In contrast, the importance of the eleven other services is strongly impacted by familiarity and academic information. These can be split up into three different categories. The first of these, known as “contemplative leisure,” mainly consists of the aesthetic value of habitats and species as well as feelings of relaxation. The second category, which entails “consumptive activities,” includes aquaculture, water sports, and recreational fishing. The final category of “heritage” refers to the historical and heritage value of these lagoons.

Analysis has demonstrated that citizens who have never visited these lagoons place greater importance on heritage services, whereas local residents very clearly advocate for contemplative leisure and consumptive activities. However, the effect caused by an individual’s familiarity with the habitat is reduced when they receive academic information.

Lone man at the top of a dune

Photo by Alex Alvarado on Unplash

How Do Citizens Choose?

Familiarity with the environment gives rise to “hedonic” behavior, which prioritizes individual pleasure. It is only after academic informational sessions that motivations align with a greater awareness and encompass collective and intergenerational benefits.

In some way, these results highlight the notion of the “veil of ignorance” developed by the American philosopher John Rawls1 . Indeed, it may be that citizens who are not familiar with the Palavas lagoon complex are inevitably under this veil of ignorance and therefore more sensitive to services provided to the general public.

  • 1According to this 20th century philosopher, parties who judge policy and management options must adopt a veil of ignorance to “filter out” ethically non-pertinent preferences (like their specific individual interests).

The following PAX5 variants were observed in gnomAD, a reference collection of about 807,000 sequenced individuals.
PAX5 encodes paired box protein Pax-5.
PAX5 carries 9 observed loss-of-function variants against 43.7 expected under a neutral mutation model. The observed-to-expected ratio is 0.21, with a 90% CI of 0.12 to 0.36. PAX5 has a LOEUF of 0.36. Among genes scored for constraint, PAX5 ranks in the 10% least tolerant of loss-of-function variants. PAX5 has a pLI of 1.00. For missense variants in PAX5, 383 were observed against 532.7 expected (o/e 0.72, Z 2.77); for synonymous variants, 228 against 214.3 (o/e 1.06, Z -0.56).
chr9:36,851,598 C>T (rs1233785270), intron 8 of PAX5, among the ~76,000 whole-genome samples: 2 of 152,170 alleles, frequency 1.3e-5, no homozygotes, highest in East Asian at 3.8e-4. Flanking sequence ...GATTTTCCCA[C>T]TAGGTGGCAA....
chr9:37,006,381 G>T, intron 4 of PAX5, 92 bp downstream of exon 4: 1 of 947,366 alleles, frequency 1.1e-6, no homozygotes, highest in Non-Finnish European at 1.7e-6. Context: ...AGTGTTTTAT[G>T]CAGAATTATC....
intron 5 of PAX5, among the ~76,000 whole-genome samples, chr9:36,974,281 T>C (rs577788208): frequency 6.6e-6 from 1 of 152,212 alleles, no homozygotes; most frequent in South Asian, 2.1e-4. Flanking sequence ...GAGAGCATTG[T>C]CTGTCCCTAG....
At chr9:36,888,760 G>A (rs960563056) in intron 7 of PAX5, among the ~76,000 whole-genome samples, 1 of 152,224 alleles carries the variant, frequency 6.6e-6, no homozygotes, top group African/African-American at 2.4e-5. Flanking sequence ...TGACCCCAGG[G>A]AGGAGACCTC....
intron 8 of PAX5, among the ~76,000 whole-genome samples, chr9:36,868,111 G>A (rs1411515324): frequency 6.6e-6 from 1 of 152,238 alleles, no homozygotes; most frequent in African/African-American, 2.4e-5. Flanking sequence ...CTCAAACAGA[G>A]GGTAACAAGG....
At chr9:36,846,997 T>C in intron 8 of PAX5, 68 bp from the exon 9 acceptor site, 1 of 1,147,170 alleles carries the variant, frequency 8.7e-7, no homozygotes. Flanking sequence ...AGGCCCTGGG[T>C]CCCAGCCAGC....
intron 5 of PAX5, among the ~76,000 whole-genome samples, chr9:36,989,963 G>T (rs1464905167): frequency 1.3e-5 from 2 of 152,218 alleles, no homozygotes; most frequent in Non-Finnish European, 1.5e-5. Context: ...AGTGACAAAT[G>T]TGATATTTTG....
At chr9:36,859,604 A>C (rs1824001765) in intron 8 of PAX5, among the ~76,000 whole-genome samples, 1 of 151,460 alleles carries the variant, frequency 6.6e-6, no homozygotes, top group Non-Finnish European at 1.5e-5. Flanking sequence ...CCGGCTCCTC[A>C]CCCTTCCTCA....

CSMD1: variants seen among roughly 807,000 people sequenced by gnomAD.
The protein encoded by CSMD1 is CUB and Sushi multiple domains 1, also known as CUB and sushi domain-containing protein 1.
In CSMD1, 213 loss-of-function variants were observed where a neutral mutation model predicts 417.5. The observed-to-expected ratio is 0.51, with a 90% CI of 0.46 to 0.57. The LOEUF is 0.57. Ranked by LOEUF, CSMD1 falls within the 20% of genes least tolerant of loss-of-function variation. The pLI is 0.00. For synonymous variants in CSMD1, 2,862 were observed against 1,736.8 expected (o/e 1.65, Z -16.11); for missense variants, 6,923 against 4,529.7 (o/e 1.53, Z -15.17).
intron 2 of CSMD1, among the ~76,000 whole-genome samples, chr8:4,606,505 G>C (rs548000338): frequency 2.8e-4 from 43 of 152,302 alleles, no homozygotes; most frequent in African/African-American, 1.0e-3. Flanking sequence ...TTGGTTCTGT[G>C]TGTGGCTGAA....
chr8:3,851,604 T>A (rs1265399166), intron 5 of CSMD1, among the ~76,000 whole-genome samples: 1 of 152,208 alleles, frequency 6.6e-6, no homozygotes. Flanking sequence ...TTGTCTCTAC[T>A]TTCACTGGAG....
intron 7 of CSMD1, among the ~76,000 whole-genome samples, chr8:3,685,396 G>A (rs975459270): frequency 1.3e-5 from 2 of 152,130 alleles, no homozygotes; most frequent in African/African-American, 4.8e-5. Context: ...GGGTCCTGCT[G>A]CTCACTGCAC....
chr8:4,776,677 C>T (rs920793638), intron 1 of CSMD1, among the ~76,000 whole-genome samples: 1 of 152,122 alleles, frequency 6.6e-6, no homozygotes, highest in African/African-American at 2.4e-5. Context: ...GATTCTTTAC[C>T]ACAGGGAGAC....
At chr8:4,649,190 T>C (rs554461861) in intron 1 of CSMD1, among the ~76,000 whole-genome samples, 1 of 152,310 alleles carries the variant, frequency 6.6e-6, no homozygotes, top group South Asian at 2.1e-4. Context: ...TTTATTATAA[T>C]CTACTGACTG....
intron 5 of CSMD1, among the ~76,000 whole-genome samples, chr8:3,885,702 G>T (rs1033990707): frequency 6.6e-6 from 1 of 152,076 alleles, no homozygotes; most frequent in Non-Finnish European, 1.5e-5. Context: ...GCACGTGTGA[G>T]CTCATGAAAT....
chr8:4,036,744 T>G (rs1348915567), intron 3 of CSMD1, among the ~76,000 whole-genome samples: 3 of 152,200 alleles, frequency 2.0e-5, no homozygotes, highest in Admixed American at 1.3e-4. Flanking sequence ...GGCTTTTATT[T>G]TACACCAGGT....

What Does This Mean for Public Policies?

According to these observations, including non-local citizens in public policy decisions promotes measures that benefit a more global interest. But, more importantly, it raises the question on how citizens can access information about the services natural environments offer in order to develop and implement appropriate public policies. The authors of this study are therefore seeking to identify the types and forms of information that are most likely to encourage citizens to adopt ecological and ethical behaviors based on values and adherence rather than coercion. The researchers favor this approach over paternalism, which gives experts a dominant role in the implementation of environmental policies.


Sy M., Rey-Valette H., Figuières C., Simier M., De Wit R., 2021, «The impact of academic information supply and familiarity on preferences for ecosystem services», Ecological Economics, 183, 59-69